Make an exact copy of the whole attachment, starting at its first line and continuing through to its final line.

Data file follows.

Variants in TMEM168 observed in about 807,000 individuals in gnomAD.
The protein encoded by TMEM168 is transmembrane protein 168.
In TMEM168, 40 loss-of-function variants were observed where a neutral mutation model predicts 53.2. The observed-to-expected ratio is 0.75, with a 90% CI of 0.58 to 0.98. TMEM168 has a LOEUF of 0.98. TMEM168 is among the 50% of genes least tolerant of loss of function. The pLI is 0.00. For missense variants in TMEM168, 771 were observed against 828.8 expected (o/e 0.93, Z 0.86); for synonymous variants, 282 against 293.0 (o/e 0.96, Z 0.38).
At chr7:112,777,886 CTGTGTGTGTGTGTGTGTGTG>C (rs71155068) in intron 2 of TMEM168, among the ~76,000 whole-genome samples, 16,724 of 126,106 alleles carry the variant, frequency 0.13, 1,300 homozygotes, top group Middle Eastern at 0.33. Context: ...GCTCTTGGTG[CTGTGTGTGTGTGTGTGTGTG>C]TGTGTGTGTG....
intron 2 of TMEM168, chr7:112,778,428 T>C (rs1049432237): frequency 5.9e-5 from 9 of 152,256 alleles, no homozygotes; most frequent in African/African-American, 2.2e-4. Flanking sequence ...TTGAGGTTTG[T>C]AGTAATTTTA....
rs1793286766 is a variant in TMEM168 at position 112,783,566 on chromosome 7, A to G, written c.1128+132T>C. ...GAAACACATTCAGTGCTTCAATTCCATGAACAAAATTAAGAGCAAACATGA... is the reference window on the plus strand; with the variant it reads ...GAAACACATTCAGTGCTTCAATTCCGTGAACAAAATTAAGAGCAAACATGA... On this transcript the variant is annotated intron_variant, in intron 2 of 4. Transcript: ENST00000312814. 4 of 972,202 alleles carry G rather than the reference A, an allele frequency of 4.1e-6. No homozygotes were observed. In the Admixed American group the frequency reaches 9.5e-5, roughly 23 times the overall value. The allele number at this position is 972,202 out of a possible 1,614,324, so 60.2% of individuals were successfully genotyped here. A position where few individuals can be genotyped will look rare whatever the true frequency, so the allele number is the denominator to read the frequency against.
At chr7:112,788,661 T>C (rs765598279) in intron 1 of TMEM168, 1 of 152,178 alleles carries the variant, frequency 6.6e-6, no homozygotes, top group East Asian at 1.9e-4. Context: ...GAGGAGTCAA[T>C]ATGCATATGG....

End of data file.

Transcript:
Variants in TMEM168 observed in about 807,000 individuals in gnomAD.
The protein encoded by TMEM168 is transmembrane protein 168.
In TMEM168, 40 loss-of-function variants were observed where a neutral mutation model predicts 53.2. The observed-to-expected ratio is 0.75, with a 90% CI of 0.58 to 0.98. TMEM168 has a LOEUF of 0.98. TMEM168 is among the 50% of genes least tolerant of loss of function. The pLI is 0.00. For missense variants in TMEM168, 771 were observed against 828.8 expected (o/e 0.93, Z 0.86); for synonymous variants, 282 against 293.0 (o/e 0.96, Z 0.38).
At chr7:112,777,886 CTGTGTGTGTGTGTGTGTGTG>C (rs71155068) in intron 2 of TMEM168, among the ~76,000 whole-genome samples, 16,724 of 126,106 alleles carry the variant, frequency 0.13, 1,300 homozygotes, top group Middle Eastern at 0.33. Context: ...GCTCTTGGTG[CTGTGTGTGTGTGTGTGTGTG>C]TGTGTGTGTG....
intron 2 of TMEM168, chr7:112,778,428 T>C (rs1049432237): frequency 5.9e-5 from 9 of 152,256 alleles, no homozygotes; most frequent in African/African-American, 2.2e-4. Flanking sequence ...TTGAGGTTTG[T>C]AGTAATTTTA....
rs1793286766 is a variant in TMEM168 at position 112,783,566 on chromosome 7, A to G, written c.1128+132T>C. ...GAAACACATTCAGTGCTTCAATTCCATGAACAAAATTAAGAGCAAACATGA... is the reference window on the plus strand; with the variant it reads ...GAAACACATTCAGTGCTTCAATTCCGTGAACAAAATTAAGAGCAAACATGA... On this transcript the variant is annotated intron_variant, in intron 2 of 4. Transcript: ENST00000312814. 4 of 972,202 alleles carry G rather than the reference A, an allele frequency of 4.1e-6. No homozygotes were observed. In the Admixed American group the frequency reaches 9.5e-5, roughly 23 times the overall value. The allele number at this position is 972,202 out of a possible 1,614,324, so 60.2% of individuals were successfully genotyped here. A position where few individuals can be genotyped will look rare whatever the true frequency, so the allele number is the denominator to read the frequency against.
At chr7:112,788,661 T>C (rs765598279) in intron 1 of TMEM168, 1 of 152,178 alleles carries the variant, frequency 6.6e-6, no homozygotes, top group East Asian at 1.9e-4. Context: ...GAGGAGTCAA[T>C]ATGCATATGG....